Woods Hole Oceanographic used a Linux-based “SeaBED” AUV to build the first 3D map of Antarctic sea ice — and found it’s thicker than had been estimated.
Woods Hole Oceanographic Institute (WHOI), based in Massachusetts, announced the publication of a paper in Nature Geoscience on experiments run by an autonomous, Linux-based submarine called the SeaBED. The underwater survey indicated that Antarctic sea ice was thicker than had been previously estimated.
SeaBED heads for new dive site in Antarctica
(click image to enlarge)
With the SeaBED autonomous underwater vehicle (AUV), WHOI has created the world’s first detailed, high-resolution 3D maps of Antarctic sea ice. Multiple SeaBED AUVs conducted surveys in 2010 and 2012 of a half million square meters of ice in ten floes spread across Antarctica’s Weddell, Bellingshausen, and Wilkes Land sectors. WHOI was joined in the research by the Institute of Antarctic and Marine Science (Australia), Antarctic Climate and Ecosystem Cooperative Research Centre (Australia), and the British Antarctic Survey (UK).
The results show the Antarctic sea ice is thicker and more deformed than previously thought. Mean thicknesses range from 1.4 to 5.5 meters, with some floes measuring up to 16 meters, according to the paper, and 17 meters according to the WHOI press release.
SeaBED with chief inventor Hanumant Singh
(click image to enlarge)
Previous estimates, based on satellite imaging, visual shipboard estimates, and a few point measurements on thinner ice floes, had estimated the ice to be much thinner. While global warming is more dramatically thinning Arctic ice flows, the greater volume of ice locked up in Antarctic sea ice would have a greater potential impact on sea-level rise.
“Putting an AUV together to map the underside of sea ice is challenging from a software, navigation and acoustic communications standpoint,” stated Hanumant Singh, an engineering scientist at WHOI, whose lab designed, built, and operated the AUV. Hanumant Singh and Sandipa Singh spun off the research into a company called Seabed Technologies, which is selling a commercial version of the SeaBED AUV.
“SeaBED’s maneuverability and stability made it ideal for this application where we were doing detailed floe-scale mapping and deploying, as well as recovering in close-packed ice conditions,” continued Hanumant Singh, who is co-founder and CTO of the company. “It would have been tough to do many of the missions we did, especially under the conditions we encountered, with some of the larger vehicles.”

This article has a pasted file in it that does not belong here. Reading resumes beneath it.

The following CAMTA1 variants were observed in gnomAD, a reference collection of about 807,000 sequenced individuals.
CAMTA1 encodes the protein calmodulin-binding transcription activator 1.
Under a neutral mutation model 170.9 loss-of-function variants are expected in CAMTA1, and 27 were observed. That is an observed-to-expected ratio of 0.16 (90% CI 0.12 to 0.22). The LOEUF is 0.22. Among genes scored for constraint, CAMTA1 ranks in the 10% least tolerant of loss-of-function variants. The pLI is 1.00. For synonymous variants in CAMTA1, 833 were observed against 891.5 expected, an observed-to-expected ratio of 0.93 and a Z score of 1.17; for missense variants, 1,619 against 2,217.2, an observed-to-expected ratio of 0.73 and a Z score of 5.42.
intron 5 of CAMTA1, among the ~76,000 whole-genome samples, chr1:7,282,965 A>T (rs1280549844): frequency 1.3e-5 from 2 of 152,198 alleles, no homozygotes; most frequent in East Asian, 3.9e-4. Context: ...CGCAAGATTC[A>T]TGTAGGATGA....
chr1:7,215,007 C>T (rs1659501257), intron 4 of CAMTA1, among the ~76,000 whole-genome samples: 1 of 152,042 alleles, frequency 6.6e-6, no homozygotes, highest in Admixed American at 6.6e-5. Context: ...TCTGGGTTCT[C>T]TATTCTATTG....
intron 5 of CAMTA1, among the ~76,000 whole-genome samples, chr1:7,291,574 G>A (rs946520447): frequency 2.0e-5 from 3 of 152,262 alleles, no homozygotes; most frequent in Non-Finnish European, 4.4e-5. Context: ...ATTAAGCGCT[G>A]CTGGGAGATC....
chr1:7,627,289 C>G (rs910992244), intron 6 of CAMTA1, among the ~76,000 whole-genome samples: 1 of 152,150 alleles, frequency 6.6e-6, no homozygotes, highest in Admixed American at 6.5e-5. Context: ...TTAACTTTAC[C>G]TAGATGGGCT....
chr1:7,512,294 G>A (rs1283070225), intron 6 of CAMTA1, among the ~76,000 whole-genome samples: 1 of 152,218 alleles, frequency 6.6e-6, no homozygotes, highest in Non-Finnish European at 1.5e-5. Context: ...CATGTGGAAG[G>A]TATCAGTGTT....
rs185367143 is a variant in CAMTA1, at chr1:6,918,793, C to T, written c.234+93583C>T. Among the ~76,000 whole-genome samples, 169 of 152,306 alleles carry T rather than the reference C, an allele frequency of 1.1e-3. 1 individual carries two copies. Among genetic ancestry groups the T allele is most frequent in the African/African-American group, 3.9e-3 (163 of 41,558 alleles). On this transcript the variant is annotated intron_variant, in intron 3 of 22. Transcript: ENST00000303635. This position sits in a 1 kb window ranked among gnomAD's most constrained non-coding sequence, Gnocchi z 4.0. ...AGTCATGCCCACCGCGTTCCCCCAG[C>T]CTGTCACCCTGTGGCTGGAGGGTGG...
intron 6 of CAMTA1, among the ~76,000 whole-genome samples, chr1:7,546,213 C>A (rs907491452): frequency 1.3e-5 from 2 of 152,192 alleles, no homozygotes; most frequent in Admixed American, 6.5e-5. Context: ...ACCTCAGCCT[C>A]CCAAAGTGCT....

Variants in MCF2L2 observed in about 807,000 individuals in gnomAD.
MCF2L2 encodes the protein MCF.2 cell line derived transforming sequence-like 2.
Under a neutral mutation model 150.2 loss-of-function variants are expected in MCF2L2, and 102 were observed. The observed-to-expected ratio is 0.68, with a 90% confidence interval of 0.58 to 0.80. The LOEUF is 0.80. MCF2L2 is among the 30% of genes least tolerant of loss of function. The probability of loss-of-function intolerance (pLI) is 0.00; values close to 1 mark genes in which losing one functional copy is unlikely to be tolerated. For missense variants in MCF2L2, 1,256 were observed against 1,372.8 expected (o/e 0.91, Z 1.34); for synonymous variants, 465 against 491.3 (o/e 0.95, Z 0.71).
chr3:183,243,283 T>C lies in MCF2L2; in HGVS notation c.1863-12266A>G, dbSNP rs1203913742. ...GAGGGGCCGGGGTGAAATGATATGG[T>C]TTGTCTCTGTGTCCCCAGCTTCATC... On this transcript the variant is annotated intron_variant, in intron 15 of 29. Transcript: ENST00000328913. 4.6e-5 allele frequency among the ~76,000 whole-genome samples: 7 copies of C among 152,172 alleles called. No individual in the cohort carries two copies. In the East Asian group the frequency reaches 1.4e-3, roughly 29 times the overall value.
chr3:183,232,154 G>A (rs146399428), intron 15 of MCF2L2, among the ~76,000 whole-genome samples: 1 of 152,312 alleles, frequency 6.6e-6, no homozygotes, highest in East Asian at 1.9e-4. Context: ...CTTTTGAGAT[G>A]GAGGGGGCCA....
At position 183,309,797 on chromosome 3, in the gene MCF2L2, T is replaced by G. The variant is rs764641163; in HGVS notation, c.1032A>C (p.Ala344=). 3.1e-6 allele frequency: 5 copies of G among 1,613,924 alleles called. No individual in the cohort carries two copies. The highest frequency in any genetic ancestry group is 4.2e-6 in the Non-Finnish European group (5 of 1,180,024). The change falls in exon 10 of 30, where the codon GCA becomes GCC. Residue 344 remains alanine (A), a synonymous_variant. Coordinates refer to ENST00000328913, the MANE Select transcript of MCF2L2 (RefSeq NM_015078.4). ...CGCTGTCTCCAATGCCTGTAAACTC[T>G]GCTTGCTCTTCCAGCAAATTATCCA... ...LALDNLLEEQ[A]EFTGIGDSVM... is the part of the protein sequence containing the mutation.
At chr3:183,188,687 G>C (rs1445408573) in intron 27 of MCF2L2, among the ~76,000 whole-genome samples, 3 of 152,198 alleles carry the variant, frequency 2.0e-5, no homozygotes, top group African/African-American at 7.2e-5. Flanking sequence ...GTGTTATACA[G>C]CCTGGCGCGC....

SeaBED (left) and WHOI’s 3D map of Antarctic ice
The twin-hulled SeaBED is about two meters long and weighs almost 200 kilograms. It can cruise at up to one-half knot, and can dive to depths of 6,000 feet (2,000 meters). SeaBED typically “flies” at about 8 feet (2.5 meters) above the seafloor, snapping a photo every three seconds with the help of a strobe light, says WHOI. In this case, however, the AUV was traveling at only 20 to 30 meters deep and looking up. Seabed Technologies also sells special Puma and Jaguar versions rated for 5,000-meter depths that have 24 hour batteries instead of eight hours on the standard model.
Like the Bluefin Robotics Linux-based Bluefin-21 AUV, which was used in an unsuccessful search for missing Malaysia Airlines Flight 370 earlier this year, the SeaBED surveys the surface (or in this case the ice) in lines, like a lawnmower. The SeaBED was specially fitted with an upward-looking sonar device to measure ice thickness.
SeaBED runs Ubuntu Linux on a 1.2GHz Intel Pentium. Complete source-code is provided to users, “making sensor additions or vehicle maintenance much simpler than that of competing commercial offerings,” according to Singh’s SeaBED page on the WHOI website.
The electronics are located in the top hull, and the batteries and sensors are in the bottom hull. The two hulls are connected by “wet” cabling routed through the vertical struts, says WHOI. The upper hull holds most of the positive buoyancy while the lower hull houses the bulk of the negative buoyancy, thereby increasing stability in pitch and roll conditions.
Summary of SeaBED specs
Major SeaBED features, including Puma and Jaguar models, are listed below:
- Processor — Intel Pentium @ 1.2GHz
- Maximum depth — 2,000 m (standard); 5,000 m (Puma and Jaguar)
- Navigation and communications:
- RDI Workhorse Navigator ADCP for bottom-locked navigation (1200kHz DVL, iXSea Octans FOG, LBL/USBL)
- RF radio modem with 2km minimum range
- WHOI MicroModem for 10kHz Band-A acoustic communication and navigation
- Sensor systems:
- Imagenex Delta-T multibeam imaging sonar for bathymetry capture
- SeaBird CTD sensor for measuring salinity and water temp. (pumped model 49 CTD Fastcat)
- Navigation pressure transducer using Paroscientific depth sensor
- Custom camera system:
- Based on high dynamic range Prosilica cameras
- 1-, 4-, and 11-megapixel cameras
- 12-bit dynamic range
- Gigabit Ethernet camera with associated strobe
- Power — 2kWHr batteries at 8 hours (standard); 6kWHr Li Ion with 24 hours (Puma and Jaguar)
- Operating system — Ubuntu Linux